One Way to Look at It: Gates

Gates are meant to keep things separated, what is out from what is in.  Arequipa is full of gates.  People have gates outside their front doors so that they can exit and see who has come to call before actually allowing that person to enter.  Driveways are almost nonexistent because car owners prefer a locked door protecting their possession rather than relying on the honesty of all passers-by.  People even lock the car doors while they drive for fear that someone will open it and snatch their belongings right out of their hands.  As a big city with enough stealing, the society as a whole has become good at circling the wagons and protecting what is “mine” and keeping away what is not.  
Gates are meant to keep things separated.
I think we have missed the meaning of this too-familiar passage:

And I tell you, you are Peter, and on this rock I will build my church, and the gates of Hades will not prevail against it.
— Jesus, Matthew 16:18 (NRSV)

This is when Jesus declares Simon's name to be Peter, which is almost identical to the word for Rock.  Peter is known for his impulsive actions.  He dives in before he understands what is going on.  He makes grand statements about Jesus’ identity, then chides Him for His actions.  He walks out on water just because Jesus said it was possible.  I like Peter, because he is anything but idle, even if his gut instinct isn’t right half the time.  He was one of Jesus’ very best friends, likely because of his personality rather than in spite of it.  But he seems anything but solid, as the basis for a church.  

Except that when gates are in place to keep things separated, because then you need courage driven by sheer love and determination.

All too often, the mental image we get from this passage is something along the lines of “Oh, good.  If people want to break free from their sinful life, they will be able to.  And they know where to find this church built on a rock if they really want out.”  Church, that is the wrong way to look at it.

I now picture people being dragged into the darkness, sometimes resisting, sometimes not realizing what is going on, sometimes drawn by their own desires.  They are pulled until they are inside that gate and it clangs shut.  They are trapped by forces that want them in a bad place.  They might want to struggle against it, might even succeed (We love those stories, don’t we?), but we would never point the finger of fault at them for being stuck, broken, helpless, even clueless.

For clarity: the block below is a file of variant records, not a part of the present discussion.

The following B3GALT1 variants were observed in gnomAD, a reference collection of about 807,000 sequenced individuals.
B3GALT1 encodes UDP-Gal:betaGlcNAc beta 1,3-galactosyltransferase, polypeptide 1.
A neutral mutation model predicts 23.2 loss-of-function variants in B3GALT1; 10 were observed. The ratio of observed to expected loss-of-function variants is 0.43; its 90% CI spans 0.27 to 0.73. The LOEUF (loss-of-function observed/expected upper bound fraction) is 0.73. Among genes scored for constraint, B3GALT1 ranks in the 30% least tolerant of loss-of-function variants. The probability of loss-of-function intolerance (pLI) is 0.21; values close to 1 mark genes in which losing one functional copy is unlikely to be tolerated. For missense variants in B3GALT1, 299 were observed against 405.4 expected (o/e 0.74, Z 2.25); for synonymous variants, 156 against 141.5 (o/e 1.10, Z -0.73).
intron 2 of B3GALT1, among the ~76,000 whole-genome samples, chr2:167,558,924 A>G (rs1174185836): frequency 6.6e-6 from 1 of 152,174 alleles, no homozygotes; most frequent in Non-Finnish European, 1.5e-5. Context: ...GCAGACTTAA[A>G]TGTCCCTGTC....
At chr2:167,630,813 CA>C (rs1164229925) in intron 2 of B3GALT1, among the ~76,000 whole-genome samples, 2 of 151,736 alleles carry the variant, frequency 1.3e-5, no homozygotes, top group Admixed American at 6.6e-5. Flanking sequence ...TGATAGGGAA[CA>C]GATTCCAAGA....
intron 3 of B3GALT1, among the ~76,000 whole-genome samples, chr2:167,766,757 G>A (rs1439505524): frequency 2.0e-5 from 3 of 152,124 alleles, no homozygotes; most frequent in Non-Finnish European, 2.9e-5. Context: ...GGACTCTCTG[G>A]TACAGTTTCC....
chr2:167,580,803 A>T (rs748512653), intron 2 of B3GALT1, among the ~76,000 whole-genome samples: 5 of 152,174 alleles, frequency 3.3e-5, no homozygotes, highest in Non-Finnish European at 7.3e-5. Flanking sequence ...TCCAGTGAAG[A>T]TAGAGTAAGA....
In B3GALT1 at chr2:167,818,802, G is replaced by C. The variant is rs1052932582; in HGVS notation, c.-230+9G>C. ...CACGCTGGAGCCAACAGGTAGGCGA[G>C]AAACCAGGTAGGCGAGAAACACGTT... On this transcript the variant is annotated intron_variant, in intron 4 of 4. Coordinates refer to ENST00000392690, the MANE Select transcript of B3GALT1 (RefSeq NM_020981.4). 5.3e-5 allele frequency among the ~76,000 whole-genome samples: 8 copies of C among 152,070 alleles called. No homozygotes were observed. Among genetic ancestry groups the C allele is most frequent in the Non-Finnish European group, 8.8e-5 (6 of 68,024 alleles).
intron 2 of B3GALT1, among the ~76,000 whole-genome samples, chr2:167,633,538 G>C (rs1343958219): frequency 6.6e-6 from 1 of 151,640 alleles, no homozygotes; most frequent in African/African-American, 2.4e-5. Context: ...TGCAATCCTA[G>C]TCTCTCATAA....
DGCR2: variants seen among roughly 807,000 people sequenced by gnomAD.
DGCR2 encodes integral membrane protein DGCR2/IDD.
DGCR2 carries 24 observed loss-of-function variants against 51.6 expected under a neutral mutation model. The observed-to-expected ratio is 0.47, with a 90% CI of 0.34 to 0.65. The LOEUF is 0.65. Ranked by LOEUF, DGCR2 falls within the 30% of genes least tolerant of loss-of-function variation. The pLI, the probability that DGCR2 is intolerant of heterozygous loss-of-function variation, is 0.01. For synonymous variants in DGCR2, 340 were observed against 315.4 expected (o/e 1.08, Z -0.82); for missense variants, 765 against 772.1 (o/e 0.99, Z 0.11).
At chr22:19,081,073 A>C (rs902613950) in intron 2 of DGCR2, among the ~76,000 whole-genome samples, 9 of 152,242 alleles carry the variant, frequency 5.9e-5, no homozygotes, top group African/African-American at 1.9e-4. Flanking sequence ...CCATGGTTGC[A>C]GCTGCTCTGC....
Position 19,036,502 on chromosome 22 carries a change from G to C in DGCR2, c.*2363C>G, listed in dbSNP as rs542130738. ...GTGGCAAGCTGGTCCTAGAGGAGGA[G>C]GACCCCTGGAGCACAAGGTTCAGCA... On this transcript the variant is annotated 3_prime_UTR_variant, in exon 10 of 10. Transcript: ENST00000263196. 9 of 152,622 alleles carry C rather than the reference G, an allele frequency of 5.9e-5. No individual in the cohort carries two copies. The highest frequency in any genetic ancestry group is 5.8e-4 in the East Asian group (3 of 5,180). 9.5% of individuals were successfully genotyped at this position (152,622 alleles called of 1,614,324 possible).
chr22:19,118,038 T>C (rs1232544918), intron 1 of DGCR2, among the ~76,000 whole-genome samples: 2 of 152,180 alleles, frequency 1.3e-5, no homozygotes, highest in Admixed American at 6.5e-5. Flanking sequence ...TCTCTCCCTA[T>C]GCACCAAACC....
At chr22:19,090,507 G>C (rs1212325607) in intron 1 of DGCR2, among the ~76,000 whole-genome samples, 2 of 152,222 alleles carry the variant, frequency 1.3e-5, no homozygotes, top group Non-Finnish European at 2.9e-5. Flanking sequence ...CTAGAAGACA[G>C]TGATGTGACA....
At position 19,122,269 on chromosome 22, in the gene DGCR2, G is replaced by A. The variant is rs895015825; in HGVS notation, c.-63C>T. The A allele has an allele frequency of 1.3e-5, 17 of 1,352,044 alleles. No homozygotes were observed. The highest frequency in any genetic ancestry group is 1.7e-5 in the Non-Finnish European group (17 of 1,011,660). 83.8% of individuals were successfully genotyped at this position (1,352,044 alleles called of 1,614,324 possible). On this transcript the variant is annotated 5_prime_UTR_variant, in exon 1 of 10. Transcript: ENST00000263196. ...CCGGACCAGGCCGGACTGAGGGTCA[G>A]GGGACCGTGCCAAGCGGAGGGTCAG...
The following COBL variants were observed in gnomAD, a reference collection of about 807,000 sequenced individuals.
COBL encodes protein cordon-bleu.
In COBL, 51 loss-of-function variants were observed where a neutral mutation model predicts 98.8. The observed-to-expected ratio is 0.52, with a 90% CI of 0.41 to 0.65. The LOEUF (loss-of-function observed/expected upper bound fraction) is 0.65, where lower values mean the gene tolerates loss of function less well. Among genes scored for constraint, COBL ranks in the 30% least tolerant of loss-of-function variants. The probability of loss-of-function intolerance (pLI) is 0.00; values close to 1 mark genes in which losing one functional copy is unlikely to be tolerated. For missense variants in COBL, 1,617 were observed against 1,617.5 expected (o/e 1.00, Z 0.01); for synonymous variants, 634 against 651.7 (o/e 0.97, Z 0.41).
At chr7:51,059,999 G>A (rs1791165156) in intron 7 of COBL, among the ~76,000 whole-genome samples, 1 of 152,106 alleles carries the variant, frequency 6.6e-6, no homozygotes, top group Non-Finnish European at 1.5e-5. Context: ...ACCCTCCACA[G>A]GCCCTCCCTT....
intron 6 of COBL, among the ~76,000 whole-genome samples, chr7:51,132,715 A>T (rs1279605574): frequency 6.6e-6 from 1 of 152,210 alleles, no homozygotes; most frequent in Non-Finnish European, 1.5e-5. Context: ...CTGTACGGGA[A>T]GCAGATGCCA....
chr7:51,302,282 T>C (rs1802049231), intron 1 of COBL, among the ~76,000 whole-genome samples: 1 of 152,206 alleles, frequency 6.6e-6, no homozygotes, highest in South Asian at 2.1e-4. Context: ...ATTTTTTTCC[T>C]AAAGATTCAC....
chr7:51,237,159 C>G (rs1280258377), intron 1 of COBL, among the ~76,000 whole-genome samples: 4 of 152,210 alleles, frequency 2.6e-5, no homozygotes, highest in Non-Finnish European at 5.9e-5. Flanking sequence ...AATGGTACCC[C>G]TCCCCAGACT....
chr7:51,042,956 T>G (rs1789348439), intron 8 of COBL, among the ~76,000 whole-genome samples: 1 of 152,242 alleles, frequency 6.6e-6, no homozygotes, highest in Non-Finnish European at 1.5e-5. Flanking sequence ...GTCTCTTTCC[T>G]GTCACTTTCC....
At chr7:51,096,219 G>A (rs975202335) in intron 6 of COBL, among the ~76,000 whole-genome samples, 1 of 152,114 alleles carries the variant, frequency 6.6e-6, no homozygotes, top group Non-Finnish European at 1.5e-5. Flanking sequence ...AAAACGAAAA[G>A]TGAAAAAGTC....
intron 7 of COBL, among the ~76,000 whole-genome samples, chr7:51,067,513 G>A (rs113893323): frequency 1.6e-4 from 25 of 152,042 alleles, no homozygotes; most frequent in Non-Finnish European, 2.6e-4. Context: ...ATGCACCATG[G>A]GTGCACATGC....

Those gates are meant to keep us separated. 

I picture my own friends who still don’t follow Christ.  Rather than seeing them as having defiant hearts and weapons drawn should I approach them with the idea of faith, I see them as caught, held, dragged down by all the things that we shouldn’t have to fight against.  If I were walking with my friend and an animal attacked her, I would join in the fight to help free her.  It would make no sense to wait for her to battle free so that I could help her heal. 

I cannot let gates separate us.

Jesus said the gates of Hades (which represents death) can’t handle His Church.  If His Church were like Peter, we would hear those words, draw our swords and storm the gates.  I can just picture Peter declaring “These people are NOT YOURS!!!” and charging at the gates to break them wide open.  Why?  Because Jesus said it was possible.  And Jesus said He could build a whole church on this attitude, and when that church takes action, there’s no stopping it. It’s not about being available.  It’s about being determined that sin and death have been stripped of their power and there is no way that we are going to sit idly by and watch them continue wielding it.
Jesus died to remove the veil that separated us from God.  We should not let gates trap any of His created children from being able to follow Him.